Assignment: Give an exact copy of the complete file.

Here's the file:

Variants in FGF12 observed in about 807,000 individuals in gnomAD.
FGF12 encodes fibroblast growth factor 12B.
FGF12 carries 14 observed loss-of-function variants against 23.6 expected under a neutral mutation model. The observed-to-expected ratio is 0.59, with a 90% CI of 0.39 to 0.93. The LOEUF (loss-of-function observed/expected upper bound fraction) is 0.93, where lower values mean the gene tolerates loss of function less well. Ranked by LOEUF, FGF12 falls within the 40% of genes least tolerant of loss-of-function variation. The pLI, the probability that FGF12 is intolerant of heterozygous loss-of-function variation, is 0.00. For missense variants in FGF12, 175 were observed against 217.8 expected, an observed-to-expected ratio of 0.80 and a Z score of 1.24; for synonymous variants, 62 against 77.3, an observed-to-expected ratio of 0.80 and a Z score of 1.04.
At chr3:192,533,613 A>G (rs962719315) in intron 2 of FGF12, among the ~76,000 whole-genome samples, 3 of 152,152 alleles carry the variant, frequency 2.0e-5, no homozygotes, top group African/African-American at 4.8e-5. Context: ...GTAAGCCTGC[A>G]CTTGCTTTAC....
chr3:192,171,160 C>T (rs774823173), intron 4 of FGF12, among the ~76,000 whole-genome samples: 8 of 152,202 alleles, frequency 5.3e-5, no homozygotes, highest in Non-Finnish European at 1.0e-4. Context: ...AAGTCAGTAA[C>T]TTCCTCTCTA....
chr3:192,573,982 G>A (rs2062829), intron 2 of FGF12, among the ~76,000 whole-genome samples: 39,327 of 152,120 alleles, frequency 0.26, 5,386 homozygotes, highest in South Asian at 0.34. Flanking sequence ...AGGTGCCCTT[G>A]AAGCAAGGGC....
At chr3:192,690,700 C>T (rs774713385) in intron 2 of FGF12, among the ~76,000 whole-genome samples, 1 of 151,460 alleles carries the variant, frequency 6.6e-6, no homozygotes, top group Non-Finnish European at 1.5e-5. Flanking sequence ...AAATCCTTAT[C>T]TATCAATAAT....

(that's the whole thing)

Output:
Variants in FGF12 observed in about 807,000 individuals in gnomAD.
FGF12 encodes fibroblast growth factor 12B.
FGF12 carries 14 observed loss-of-function variants against 23.6 expected under a neutral mutation model. The observed-to-expected ratio is 0.59, with a 90% CI of 0.39 to 0.93. The LOEUF (loss-of-function observed/expected upper bound fraction) is 0.93, where lower values mean the gene tolerates loss of function less well. Ranked by LOEUF, FGF12 falls within the 40% of genes least tolerant of loss-of-function variation. The pLI, the probability that FGF12 is intolerant of heterozygous loss-of-function variation, is 0.00. For missense variants in FGF12, 175 were observed against 217.8 expected, an observed-to-expected ratio of 0.80 and a Z score of 1.24; for synonymous variants, 62 against 77.3, an observed-to-expected ratio of 0.80 and a Z score of 1.04.
At chr3:192,533,613 A>G (rs962719315) in intron 2 of FGF12, among the ~76,000 whole-genome samples, 3 of 152,152 alleles carry the variant, frequency 2.0e-5, no homozygotes, top group African/African-American at 4.8e-5. Context: ...GTAAGCCTGC[A>G]CTTGCTTTAC....
chr3:192,171,160 C>T (rs774823173), intron 4 of FGF12, among the ~76,000 whole-genome samples: 8 of 152,202 alleles, frequency 5.3e-5, no homozygotes, highest in Non-Finnish European at 1.0e-4. Context: ...AAGTCAGTAA[C>T]TTCCTCTCTA....
chr3:192,573,982 G>A (rs2062829), intron 2 of FGF12, among the ~76,000 whole-genome samples: 39,327 of 152,120 alleles, frequency 0.26, 5,386 homozygotes, highest in South Asian at 0.34. Flanking sequence ...AGGTGCCCTT[G>A]AAGCAAGGGC....
At chr3:192,690,700 C>T (rs774713385) in intron 2 of FGF12, among the ~76,000 whole-genome samples, 1 of 151,460 alleles carries the variant, frequency 6.6e-6, no homozygotes, top group Non-Finnish European at 1.5e-5. Flanking sequence ...AAATCCTTAT[C>T]TATCAATAAT....